Ideas for boosting sales as shoppers warm back up to hot bars and shared spoons
By Jim Dudlicek, Director of Communications and External Affairs
The bright light that was grocery store prepared foods and in-store dining was suddenly extinguished by the COVID-19 pandemic, and only time will tell if and when it will be relit.
Meanwhile, there are opportunities for grocers to fill the void and keep the deli a profitable perimeter destination.
As shoppers kicked into survival mode, especially in the early days of the crisis, they breathed new life into center store, embracing the comfort and shelf stability of canned and boxed foods, along with frozen products, pizzas in particular. Meanwhile, the plexiglass barriers on salad and hot bars were no match for consumer concerns over spreading the coronavirus, leading them to forsake selections like self-serve entrees and service deli items like salads and cut-to-order meats.
“There is demand for time-saving, convenient solutions, but engagement with deli-prepared remains low,” the International Dairy-Deli-Bakery Association confirmed in its COVID-19 impact report.
A sudden surge in online shopping for delivery or curbside pickup also took its toll in the perimeter. “As shoppers increasingly try to reduce the number of trips to the store and engage in online ordering, deli-prepared food sales were down 36.3% with volume off 34.8%,” the IDDBA reported noted. “Sales were off for all offerings and meal occasions, whether breakfast items, combo meals, trays or deli pizza.”
How can grocers offset these losses while still asserting their culinary chops?
Grab and go: Empty salad and hot bars don’t generate revenue. Convert them into grab-and-go centers stocked with entrees, sides, salads, soups and sandwiches – all of your chefs’ specialties, packaged for minimal contact. This might also be a good spot to merchandise some of those foodservice products being made available to grocers.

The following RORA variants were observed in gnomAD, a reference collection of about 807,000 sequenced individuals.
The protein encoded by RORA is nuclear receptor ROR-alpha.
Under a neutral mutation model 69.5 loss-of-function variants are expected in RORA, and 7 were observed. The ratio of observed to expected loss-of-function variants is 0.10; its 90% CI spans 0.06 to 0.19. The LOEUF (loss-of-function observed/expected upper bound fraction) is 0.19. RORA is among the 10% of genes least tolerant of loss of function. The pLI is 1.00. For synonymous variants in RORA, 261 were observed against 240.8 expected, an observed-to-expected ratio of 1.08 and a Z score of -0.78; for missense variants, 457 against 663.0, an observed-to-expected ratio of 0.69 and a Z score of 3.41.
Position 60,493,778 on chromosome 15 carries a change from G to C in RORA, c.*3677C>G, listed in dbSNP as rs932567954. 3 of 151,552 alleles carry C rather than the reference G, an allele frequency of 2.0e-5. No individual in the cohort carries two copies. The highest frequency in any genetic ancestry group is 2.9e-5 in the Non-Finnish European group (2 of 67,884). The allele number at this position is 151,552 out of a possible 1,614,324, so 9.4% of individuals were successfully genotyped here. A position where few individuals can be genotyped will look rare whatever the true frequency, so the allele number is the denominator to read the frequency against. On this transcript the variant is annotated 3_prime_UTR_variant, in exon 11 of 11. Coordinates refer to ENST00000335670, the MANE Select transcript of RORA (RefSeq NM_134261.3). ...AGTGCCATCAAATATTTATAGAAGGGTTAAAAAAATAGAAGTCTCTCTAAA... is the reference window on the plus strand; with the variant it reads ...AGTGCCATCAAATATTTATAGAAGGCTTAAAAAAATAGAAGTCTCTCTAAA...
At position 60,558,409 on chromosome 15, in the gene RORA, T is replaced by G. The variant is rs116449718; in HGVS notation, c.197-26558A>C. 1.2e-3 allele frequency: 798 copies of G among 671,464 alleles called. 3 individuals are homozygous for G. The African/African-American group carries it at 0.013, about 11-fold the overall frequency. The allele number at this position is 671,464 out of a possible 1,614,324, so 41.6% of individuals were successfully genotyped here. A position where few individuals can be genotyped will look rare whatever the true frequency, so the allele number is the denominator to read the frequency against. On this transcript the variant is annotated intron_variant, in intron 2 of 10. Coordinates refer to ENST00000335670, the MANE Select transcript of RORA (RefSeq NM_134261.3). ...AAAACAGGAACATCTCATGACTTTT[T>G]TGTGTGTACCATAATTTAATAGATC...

Partner with local restaurants: Foodservice is hurting, especially independent eateries forced to offer takeout to survive. Some of these places may be local institutions. You may have hired some of their folks to handle your additional crisis traffic – why not offer some of their specialties as well? Take a page from the playbook of Rouses Markets in Louisiana, which is partnering with some of New Orleans’ landmark restaurants to sell their classic dishes in a heat-and-eat format.
Almost cut to order: Shoppers are shirking the service deli for packaged meats and cheeses. But even pre-crisis, grocers were getting traction on pre-sliced deli items to avoid waiting at the counter. Keep up that momentum, but offer additional varieties in smaller portion sizes for smaller households and to encourage experimentation. While your cheesemonger is idle, why not try it with a few specialty cheeses as well?
Cater to consumers’ changing needs: Your catering orders are down and you’re taking a big hit losing out on special occasions. Retool catering solutions for a grab-and-go format – turn meal kits into party kits, from full meals to charcuterie and cheese trays for entertaining (within local gathering restrictions, of course), and complementary accessories.
Don’t let them forget: Whatever you do, make sure shoppers remember what you do best, whatever the format currently made necessary. The IDDBA report concluded: “Making sure that deli-prepared offerings, whether pre-packaged or made-to-order, are on the radar is crucial for everyday solutions.”
Communication is key – listen to your shoppers, they’ll tell you what they want. Independent grocers are better than anyone at knowing their customers and how to solve their meal solution needs.